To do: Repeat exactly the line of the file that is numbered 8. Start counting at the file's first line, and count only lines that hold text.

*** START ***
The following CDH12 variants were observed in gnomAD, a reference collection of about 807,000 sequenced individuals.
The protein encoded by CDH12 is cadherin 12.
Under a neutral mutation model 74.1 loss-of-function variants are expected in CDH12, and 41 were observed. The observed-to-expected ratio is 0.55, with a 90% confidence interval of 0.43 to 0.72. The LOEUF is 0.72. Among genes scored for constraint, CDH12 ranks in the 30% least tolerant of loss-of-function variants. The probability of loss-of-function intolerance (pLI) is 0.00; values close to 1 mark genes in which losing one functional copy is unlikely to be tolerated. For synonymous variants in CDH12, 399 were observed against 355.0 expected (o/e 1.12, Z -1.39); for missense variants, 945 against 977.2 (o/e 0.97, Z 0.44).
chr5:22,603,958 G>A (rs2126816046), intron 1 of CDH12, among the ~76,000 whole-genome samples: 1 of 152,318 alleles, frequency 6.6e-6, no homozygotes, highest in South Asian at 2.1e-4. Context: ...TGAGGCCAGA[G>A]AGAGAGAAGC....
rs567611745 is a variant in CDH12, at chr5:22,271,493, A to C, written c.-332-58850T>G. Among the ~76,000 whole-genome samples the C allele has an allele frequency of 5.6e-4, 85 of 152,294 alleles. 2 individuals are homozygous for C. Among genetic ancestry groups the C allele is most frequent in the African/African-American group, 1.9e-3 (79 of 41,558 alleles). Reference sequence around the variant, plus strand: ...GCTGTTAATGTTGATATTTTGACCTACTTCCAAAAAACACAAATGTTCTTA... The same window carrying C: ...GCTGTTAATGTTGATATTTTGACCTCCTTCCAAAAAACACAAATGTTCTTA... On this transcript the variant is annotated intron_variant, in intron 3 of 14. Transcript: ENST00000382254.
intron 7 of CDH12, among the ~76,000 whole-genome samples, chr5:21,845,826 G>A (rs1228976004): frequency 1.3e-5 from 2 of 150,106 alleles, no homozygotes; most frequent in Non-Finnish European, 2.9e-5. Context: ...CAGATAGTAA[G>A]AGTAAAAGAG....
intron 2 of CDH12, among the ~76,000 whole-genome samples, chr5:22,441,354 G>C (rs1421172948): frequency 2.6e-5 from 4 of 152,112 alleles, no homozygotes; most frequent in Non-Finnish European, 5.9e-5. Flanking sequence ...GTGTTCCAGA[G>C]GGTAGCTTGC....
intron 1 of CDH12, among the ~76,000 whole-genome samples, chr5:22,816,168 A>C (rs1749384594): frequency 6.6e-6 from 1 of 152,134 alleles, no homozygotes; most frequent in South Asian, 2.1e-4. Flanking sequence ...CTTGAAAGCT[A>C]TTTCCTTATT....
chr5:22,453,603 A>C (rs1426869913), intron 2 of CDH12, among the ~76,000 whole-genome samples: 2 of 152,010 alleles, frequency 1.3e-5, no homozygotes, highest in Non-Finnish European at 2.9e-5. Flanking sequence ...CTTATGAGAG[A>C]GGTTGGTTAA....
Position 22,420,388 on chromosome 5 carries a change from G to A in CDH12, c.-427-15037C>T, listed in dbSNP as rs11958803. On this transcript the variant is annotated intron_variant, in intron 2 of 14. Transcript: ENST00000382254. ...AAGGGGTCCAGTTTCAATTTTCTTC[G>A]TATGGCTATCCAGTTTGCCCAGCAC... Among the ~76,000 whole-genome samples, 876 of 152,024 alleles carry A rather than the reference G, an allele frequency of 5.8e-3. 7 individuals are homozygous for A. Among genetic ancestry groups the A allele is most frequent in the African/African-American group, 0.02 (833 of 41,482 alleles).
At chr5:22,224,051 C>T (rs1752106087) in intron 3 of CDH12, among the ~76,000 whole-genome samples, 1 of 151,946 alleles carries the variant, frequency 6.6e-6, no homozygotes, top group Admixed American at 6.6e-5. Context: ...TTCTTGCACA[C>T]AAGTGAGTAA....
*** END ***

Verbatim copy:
intron 1 of CDH12, among the ~76,000 whole-genome samples, chr5:22,816,168 A>C (rs1749384594): frequency 6.6e-6 from 1 of 152,134 alleles, no homozygotes; most frequent in South Asian, 2.1e-4. Flanking sequence ...CTTGAAAGCT[A>C]TTTCCTTATT....